Possibly a standalone sensor for cloud conditions. Cloud base elevation above ground level; coverage few, scattered, broken, overcast; and ceiling. This is standard for airport AWOS weather systems so the tech exists. I am a pilot and live where there is a private turf runway. The closest AWOS data is 45+ miles away. In a coastal or mountain region cloud conditions can be different 5 miles away. In a coastal area the difference between open water, barrier island, tidal marsh, bordering mainland, and inland may only span 10 miles but each may have its own weather. I sure would like the option of cloud data at our location to fill in the 80+ mile gap between AWOS stations. My current Tempest system is great at telling me what the actual weather is halfway between barrier island and bordering mainland. Just need cloud data to complete the picture.
I bought myself a very cheap chinese 180 degree camera. It has starlight and can see clouds even at night (without IR lighting). Perhaps because I’m living in a city, so the clouds are always faintly illuminated, but it is so sensitive that it sees clouds at night, I can’t even see.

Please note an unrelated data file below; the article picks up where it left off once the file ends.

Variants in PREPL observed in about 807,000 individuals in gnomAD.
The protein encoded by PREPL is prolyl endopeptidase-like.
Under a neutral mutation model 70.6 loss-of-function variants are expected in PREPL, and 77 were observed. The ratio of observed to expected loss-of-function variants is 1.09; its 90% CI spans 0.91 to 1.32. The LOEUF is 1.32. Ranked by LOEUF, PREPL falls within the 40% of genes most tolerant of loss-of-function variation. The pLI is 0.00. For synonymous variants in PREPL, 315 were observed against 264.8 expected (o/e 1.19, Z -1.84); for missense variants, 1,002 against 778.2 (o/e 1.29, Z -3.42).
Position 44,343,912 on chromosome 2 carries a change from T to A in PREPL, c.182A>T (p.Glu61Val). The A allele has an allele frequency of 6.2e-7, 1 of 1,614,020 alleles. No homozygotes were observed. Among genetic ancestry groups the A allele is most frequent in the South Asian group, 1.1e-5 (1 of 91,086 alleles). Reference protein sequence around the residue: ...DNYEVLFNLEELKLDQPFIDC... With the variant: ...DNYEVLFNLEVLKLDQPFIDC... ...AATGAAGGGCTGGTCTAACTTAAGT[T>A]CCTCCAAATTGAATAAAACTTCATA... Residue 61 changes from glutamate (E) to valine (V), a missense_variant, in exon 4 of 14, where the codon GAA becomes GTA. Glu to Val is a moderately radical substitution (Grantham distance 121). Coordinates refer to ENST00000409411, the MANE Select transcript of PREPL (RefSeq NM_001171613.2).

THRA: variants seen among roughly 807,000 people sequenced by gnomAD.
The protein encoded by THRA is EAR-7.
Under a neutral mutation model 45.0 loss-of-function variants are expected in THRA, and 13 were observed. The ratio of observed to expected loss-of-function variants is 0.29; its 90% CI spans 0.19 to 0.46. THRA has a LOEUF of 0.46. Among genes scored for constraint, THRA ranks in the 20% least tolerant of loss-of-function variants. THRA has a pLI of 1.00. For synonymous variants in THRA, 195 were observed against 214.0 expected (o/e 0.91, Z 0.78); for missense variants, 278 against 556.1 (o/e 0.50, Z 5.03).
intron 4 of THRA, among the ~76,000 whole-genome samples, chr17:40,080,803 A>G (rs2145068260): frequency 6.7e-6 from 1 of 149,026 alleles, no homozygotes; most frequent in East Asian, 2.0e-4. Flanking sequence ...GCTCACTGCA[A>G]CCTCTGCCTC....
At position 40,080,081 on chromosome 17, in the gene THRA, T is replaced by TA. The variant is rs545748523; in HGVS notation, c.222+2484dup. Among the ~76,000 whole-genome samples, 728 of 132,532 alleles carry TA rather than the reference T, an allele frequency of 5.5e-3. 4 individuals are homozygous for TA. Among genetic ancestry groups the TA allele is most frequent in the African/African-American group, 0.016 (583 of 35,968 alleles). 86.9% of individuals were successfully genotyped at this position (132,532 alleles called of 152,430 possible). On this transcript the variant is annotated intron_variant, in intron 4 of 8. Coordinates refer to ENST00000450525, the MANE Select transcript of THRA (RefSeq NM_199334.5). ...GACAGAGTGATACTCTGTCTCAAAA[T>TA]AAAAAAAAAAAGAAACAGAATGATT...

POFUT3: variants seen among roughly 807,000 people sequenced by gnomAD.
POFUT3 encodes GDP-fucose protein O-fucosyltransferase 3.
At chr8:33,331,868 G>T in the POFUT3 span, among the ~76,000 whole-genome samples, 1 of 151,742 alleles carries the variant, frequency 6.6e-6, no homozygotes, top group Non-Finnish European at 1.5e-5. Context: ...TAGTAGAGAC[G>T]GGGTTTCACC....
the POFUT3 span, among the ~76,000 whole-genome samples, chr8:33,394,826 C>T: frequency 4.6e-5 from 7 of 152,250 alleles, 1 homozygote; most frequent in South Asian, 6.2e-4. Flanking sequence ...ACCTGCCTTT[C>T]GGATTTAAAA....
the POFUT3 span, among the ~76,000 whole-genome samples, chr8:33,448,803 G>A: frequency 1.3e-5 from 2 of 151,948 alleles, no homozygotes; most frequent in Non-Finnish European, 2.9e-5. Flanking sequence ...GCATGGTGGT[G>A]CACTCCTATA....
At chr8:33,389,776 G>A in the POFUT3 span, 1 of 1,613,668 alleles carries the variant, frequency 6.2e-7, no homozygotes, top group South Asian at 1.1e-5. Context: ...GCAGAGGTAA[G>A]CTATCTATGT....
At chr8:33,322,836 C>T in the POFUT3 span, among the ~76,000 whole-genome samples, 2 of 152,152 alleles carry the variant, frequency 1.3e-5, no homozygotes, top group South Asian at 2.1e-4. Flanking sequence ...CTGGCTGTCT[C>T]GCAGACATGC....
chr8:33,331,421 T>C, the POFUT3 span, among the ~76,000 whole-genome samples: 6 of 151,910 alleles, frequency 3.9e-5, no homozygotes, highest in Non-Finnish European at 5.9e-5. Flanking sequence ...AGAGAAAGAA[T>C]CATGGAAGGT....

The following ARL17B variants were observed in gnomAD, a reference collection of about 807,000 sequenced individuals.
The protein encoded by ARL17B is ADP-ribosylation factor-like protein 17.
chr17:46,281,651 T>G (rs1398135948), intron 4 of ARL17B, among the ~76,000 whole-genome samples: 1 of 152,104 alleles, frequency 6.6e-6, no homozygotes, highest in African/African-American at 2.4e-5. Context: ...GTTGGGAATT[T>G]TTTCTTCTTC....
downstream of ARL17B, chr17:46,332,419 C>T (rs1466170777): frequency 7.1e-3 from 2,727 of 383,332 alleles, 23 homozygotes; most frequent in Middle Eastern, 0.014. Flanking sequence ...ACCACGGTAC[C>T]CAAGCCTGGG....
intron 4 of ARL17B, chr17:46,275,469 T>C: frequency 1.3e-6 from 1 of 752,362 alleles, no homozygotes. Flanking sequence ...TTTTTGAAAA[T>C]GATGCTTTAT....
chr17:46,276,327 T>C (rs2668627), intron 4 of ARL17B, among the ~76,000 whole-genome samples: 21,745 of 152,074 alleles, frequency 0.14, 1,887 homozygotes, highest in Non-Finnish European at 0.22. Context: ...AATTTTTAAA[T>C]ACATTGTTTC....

Here is a daylight video from some time ago clouds - YouTube
and here is a nighttime one https://youtu.be/Z8vDw9cnYUk (only few clouds, but you can see the big dipper). Note that this is still a color image, not b&w and you can see the sensor near the bottom edge of the image.
It probably isn’t a sensor like you wanted, but it might be useful for you.
The camera is available from various sellers with various options under various brands. Here is one 2MP 0.0001Lux Ultra Illumination Dome Starlight AHD Camera 1.7mm Lens 180 Degree View Vandalproof Fisheye Analog Camera With OSD|Surveillance Cameras| - AliExpress . I got the one with Power-over-Ethernet (PoE), so I need only one cable to my roof.
Hi @abbott ,
I am guessing this request will take a long while. I would like the same so I source the information already using other methods.
I use raspberry pi cameras looking in each direction which update their pictures every minute to a web page where I (anyone on the web) can see the clouds and who is flying.
It is also possible to do a rough calculation to calculate the expected cloud base. Discussed here: https://groups.google.com/g/weewx-user/c/kQZvc6UpLtA
And for the layers at altitudes including the wind directions and temperatures of those layers I find the windy.com presentation very useful.